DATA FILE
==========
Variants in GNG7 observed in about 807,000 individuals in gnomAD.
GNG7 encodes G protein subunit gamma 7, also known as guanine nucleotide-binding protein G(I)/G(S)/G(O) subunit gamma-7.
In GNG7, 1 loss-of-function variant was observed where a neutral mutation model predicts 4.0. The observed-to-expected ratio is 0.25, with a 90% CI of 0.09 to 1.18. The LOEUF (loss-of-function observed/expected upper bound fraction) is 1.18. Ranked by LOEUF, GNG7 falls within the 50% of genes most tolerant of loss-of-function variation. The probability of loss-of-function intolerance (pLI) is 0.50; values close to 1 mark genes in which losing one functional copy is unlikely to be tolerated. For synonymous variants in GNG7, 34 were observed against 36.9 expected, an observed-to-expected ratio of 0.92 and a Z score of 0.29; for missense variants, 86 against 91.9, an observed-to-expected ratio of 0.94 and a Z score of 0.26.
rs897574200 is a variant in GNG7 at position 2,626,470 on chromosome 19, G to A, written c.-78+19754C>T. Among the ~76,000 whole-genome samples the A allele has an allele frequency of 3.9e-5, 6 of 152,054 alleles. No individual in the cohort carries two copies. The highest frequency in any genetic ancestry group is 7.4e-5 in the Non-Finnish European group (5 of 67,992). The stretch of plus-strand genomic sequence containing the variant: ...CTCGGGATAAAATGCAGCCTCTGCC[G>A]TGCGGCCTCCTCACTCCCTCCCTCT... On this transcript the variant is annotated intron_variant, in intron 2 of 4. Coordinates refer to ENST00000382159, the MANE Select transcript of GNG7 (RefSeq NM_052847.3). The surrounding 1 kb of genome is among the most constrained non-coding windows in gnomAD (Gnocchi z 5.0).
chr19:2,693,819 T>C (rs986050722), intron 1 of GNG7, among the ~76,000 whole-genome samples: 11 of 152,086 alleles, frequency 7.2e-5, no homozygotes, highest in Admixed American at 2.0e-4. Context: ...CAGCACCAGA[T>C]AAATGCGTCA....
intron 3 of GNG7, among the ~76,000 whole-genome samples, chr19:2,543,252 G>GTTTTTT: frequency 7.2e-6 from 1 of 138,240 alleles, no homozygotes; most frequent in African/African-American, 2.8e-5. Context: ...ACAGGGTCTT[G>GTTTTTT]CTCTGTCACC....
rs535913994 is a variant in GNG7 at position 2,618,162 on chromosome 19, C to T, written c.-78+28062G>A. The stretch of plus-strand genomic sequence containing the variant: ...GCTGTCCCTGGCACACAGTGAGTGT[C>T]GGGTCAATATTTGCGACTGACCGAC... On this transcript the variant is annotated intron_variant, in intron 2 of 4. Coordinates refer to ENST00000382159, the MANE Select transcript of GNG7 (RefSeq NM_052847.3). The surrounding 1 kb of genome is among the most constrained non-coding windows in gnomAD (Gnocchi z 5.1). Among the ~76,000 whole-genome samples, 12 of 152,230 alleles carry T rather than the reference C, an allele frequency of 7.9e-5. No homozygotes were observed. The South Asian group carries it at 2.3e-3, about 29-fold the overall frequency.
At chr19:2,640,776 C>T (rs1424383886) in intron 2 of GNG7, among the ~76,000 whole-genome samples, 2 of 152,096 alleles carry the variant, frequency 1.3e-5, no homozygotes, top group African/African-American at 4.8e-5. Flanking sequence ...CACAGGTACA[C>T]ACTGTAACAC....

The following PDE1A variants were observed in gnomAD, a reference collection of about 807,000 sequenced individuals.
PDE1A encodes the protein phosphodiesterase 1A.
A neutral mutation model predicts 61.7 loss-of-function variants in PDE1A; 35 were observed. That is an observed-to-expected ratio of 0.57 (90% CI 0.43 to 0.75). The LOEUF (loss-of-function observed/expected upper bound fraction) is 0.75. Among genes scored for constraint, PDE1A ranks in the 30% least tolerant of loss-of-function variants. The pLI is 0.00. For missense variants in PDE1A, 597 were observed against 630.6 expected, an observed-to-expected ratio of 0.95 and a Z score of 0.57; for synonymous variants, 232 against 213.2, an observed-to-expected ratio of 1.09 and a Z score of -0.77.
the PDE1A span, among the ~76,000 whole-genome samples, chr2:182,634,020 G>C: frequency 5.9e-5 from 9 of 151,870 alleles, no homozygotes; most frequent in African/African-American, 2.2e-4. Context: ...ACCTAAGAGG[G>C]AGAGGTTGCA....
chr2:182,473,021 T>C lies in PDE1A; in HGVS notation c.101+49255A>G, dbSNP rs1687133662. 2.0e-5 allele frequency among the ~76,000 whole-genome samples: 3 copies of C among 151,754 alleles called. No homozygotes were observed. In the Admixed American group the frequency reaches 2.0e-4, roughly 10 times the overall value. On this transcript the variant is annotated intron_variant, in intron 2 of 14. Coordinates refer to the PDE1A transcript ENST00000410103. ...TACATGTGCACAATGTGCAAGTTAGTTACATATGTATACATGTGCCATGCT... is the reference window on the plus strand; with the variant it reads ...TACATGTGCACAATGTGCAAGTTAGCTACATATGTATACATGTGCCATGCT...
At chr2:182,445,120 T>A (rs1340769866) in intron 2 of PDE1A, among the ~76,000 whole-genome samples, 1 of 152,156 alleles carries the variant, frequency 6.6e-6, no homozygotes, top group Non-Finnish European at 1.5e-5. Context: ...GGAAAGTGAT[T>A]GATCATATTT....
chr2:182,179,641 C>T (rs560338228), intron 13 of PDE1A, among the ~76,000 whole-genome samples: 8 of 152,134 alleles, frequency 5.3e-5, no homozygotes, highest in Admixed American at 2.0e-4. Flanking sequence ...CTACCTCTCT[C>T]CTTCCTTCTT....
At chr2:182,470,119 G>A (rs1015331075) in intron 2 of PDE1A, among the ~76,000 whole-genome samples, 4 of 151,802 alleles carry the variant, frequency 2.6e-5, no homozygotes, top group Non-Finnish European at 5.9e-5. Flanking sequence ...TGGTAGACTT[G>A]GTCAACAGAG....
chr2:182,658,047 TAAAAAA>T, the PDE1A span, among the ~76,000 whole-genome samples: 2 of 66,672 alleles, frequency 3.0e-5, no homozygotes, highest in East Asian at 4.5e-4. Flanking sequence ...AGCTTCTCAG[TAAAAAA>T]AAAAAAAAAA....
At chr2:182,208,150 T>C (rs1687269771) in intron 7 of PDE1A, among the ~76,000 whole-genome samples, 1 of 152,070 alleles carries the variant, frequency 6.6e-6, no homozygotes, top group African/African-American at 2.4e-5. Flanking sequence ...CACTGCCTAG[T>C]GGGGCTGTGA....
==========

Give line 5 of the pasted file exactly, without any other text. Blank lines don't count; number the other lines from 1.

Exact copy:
chr19:2,693,819 T>C (rs986050722), intron 1 of GNG7, among the ~76,000 whole-genome samples: 11 of 152,086 alleles, frequency 7.2e-5, no homozygotes, highest in Admixed American at 2.0e-4. Context: ...CAGCACCAGA[T>C]AAATGCGTCA....